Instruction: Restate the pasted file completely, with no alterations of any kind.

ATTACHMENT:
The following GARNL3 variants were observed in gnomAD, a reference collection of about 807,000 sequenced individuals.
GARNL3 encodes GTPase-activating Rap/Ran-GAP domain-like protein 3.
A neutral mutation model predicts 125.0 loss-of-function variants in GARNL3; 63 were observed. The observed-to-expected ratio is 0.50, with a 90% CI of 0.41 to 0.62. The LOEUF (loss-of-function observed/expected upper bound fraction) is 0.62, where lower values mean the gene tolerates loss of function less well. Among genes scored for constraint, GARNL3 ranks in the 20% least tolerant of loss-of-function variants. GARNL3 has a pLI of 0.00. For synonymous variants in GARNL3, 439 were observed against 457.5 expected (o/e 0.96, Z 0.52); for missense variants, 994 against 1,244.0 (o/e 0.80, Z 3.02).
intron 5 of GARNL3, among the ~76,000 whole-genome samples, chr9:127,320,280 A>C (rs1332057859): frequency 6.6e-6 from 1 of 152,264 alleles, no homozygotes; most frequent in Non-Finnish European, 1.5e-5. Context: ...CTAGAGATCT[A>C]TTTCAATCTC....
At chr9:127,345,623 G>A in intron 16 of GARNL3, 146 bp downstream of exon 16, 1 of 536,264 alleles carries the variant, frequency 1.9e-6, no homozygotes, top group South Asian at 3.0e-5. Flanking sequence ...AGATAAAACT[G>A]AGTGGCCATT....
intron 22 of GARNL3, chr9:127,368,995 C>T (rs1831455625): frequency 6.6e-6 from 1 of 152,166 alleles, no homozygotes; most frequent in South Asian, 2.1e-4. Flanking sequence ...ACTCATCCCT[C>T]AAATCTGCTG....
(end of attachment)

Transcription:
The following GARNL3 variants were observed in gnomAD, a reference collection of about 807,000 sequenced individuals.
GARNL3 encodes GTPase-activating Rap/Ran-GAP domain-like protein 3.
A neutral mutation model predicts 125.0 loss-of-function variants in GARNL3; 63 were observed. The observed-to-expected ratio is 0.50, with a 90% CI of 0.41 to 0.62. The LOEUF (loss-of-function observed/expected upper bound fraction) is 0.62, where lower values mean the gene tolerates loss of function less well. Among genes scored for constraint, GARNL3 ranks in the 20% least tolerant of loss-of-function variants. GARNL3 has a pLI of 0.00. For synonymous variants in GARNL3, 439 were observed against 457.5 expected (o/e 0.96, Z 0.52); for missense variants, 994 against 1,244.0 (o/e 0.80, Z 3.02).
intron 5 of GARNL3, among the ~76,000 whole-genome samples, chr9:127,320,280 A>C (rs1332057859): frequency 6.6e-6 from 1 of 152,264 alleles, no homozygotes; most frequent in Non-Finnish European, 1.5e-5. Context: ...CTAGAGATCT[A>C]TTTCAATCTC....
At chr9:127,345,623 G>A in intron 16 of GARNL3, 146 bp downstream of exon 16, 1 of 536,264 alleles carries the variant, frequency 1.9e-6, no homozygotes, top group South Asian at 3.0e-5. Flanking sequence ...AGATAAAACT[G>A]AGTGGCCATT....
intron 22 of GARNL3, chr9:127,368,995 C>T (rs1831455625): frequency 6.6e-6 from 1 of 152,166 alleles, no homozygotes; most frequent in South Asian, 2.1e-4. Flanking sequence ...ACTCATCCCT[C>T]AAATCTGCTG....